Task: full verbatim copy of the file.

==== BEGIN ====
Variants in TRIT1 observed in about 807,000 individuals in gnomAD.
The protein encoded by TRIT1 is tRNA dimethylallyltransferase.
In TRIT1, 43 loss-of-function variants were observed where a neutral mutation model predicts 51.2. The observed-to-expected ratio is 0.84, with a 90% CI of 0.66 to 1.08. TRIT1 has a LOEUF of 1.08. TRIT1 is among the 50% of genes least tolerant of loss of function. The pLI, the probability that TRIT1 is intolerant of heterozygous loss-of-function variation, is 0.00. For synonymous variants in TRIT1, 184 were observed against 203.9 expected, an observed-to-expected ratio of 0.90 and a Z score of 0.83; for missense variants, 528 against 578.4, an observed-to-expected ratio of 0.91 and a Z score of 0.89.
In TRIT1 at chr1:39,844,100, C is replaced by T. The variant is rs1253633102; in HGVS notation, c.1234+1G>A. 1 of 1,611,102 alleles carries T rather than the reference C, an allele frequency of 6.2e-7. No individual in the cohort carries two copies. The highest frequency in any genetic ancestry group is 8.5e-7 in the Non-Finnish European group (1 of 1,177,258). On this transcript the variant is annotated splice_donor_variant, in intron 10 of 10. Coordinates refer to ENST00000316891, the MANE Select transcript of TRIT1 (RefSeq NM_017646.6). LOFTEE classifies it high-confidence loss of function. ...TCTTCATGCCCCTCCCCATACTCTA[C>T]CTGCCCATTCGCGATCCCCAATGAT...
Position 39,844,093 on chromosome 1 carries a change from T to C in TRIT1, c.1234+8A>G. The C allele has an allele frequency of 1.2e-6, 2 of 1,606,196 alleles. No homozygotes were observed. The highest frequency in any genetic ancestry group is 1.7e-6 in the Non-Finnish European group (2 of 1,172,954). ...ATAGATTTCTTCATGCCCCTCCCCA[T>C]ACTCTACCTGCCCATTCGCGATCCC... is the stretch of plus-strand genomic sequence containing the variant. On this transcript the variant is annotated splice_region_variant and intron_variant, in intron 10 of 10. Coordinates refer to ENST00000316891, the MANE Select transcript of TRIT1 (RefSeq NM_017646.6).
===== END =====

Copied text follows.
Variants in TRIT1 observed in about 807,000 individuals in gnomAD.
The protein encoded by TRIT1 is tRNA dimethylallyltransferase.
In TRIT1, 43 loss-of-function variants were observed where a neutral mutation model predicts 51.2. The observed-to-expected ratio is 0.84, with a 90% CI of 0.66 to 1.08. TRIT1 has a LOEUF of 1.08. TRIT1 is among the 50% of genes least tolerant of loss of function. The pLI, the probability that TRIT1 is intolerant of heterozygous loss-of-function variation, is 0.00. For synonymous variants in TRIT1, 184 were observed against 203.9 expected, an observed-to-expected ratio of 0.90 and a Z score of 0.83; for missense variants, 528 against 578.4, an observed-to-expected ratio of 0.91 and a Z score of 0.89.
In TRIT1 at chr1:39,844,100, C is replaced by T. The variant is rs1253633102; in HGVS notation, c.1234+1G>A. 1 of 1,611,102 alleles carries T rather than the reference C, an allele frequency of 6.2e-7. No individual in the cohort carries two copies. The highest frequency in any genetic ancestry group is 8.5e-7 in the Non-Finnish European group (1 of 1,177,258). On this transcript the variant is annotated splice_donor_variant, in intron 10 of 10. Coordinates refer to ENST00000316891, the MANE Select transcript of TRIT1 (RefSeq NM_017646.6). LOFTEE classifies it high-confidence loss of function. ...TCTTCATGCCCCTCCCCATACTCTA[C>T]CTGCCCATTCGCGATCCCCAATGAT...
Position 39,844,093 on chromosome 1 carries a change from T to C in TRIT1, c.1234+8A>G. The C allele has an allele frequency of 1.2e-6, 2 of 1,606,196 alleles. No homozygotes were observed. The highest frequency in any genetic ancestry group is 1.7e-6 in the Non-Finnish European group (2 of 1,172,954). ...ATAGATTTCTTCATGCCCCTCCCCA[T>C]ACTCTACCTGCCCATTCGCGATCCC... is the stretch of plus-strand genomic sequence containing the variant. On this transcript the variant is annotated splice_region_variant and intron_variant, in intron 10 of 10. Coordinates refer to ENST00000316891, the MANE Select transcript of TRIT1 (RefSeq NM_017646.6).